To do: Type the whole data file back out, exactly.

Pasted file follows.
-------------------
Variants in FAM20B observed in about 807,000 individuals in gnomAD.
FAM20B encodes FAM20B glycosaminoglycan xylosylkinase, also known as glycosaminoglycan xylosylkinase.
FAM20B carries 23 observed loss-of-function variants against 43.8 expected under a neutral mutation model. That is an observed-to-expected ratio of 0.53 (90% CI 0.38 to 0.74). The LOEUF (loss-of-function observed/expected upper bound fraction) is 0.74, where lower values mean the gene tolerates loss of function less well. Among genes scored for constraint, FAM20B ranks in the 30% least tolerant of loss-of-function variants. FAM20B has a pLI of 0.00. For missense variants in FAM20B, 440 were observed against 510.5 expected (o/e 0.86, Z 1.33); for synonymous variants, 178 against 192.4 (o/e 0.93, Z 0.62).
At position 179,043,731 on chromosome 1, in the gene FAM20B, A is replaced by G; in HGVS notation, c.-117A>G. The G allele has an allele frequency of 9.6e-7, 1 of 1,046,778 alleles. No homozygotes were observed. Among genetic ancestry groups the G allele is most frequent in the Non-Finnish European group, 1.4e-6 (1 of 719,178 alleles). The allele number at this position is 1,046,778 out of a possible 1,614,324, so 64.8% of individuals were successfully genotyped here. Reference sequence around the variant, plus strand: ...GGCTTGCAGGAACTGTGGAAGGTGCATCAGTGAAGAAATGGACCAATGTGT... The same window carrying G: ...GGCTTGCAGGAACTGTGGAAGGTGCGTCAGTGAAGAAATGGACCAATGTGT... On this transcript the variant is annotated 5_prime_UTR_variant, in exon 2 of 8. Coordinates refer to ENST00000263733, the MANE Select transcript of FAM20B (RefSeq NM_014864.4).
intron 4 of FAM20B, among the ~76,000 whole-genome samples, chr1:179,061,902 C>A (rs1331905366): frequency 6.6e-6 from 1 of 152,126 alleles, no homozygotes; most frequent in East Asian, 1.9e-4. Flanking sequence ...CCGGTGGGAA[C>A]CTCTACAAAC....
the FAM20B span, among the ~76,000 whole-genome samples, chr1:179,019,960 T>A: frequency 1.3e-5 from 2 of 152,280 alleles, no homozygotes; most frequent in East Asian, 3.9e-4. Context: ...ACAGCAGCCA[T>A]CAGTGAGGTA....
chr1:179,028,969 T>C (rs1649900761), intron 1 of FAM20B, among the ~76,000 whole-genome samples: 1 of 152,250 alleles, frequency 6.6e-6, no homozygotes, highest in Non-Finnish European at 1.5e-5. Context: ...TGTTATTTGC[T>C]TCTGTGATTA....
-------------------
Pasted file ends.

Variants in FAM20B observed in about 807,000 individuals in gnomAD.
FAM20B encodes FAM20B glycosaminoglycan xylosylkinase, also known as glycosaminoglycan xylosylkinase.
FAM20B carries 23 observed loss-of-function variants against 43.8 expected under a neutral mutation model. That is an observed-to-expected ratio of 0.53 (90% CI 0.38 to 0.74). The LOEUF (loss-of-function observed/expected upper bound fraction) is 0.74, where lower values mean the gene tolerates loss of function less well. Among genes scored for constraint, FAM20B ranks in the 30% least tolerant of loss-of-function variants. FAM20B has a pLI of 0.00. For missense variants in FAM20B, 440 were observed against 510.5 expected (o/e 0.86, Z 1.33); for synonymous variants, 178 against 192.4 (o/e 0.93, Z 0.62).
At position 179,043,731 on chromosome 1, in the gene FAM20B, A is replaced by G; in HGVS notation, c.-117A>G. The G allele has an allele frequency of 9.6e-7, 1 of 1,046,778 alleles. No homozygotes were observed. Among genetic ancestry groups the G allele is most frequent in the Non-Finnish European group, 1.4e-6 (1 of 719,178 alleles). The allele number at this position is 1,046,778 out of a possible 1,614,324, so 64.8% of individuals were successfully genotyped here. Reference sequence around the variant, plus strand: ...GGCTTGCAGGAACTGTGGAAGGTGCATCAGTGAAGAAATGGACCAATGTGT... The same window carrying G: ...GGCTTGCAGGAACTGTGGAAGGTGCGTCAGTGAAGAAATGGACCAATGTGT... On this transcript the variant is annotated 5_prime_UTR_variant, in exon 2 of 8. Coordinates refer to ENST00000263733, the MANE Select transcript of FAM20B (RefSeq NM_014864.4).
intron 4 of FAM20B, among the ~76,000 whole-genome samples, chr1:179,061,902 C>A (rs1331905366): frequency 6.6e-6 from 1 of 152,126 alleles, no homozygotes; most frequent in East Asian, 1.9e-4. Flanking sequence ...CCGGTGGGAA[C>A]CTCTACAAAC....
the FAM20B span, among the ~76,000 whole-genome samples, chr1:179,019,960 T>A: frequency 1.3e-5 from 2 of 152,280 alleles, no homozygotes; most frequent in East Asian, 3.9e-4. Context: ...ACAGCAGCCA[T>A]CAGTGAGGTA....
chr1:179,028,969 T>C (rs1649900761), intron 1 of FAM20B, among the ~76,000 whole-genome samples: 1 of 152,250 alleles, frequency 6.6e-6, no homozygotes, highest in Non-Finnish European at 1.5e-5. Context: ...TGTTATTTGC[T>C]TCTGTGATTA....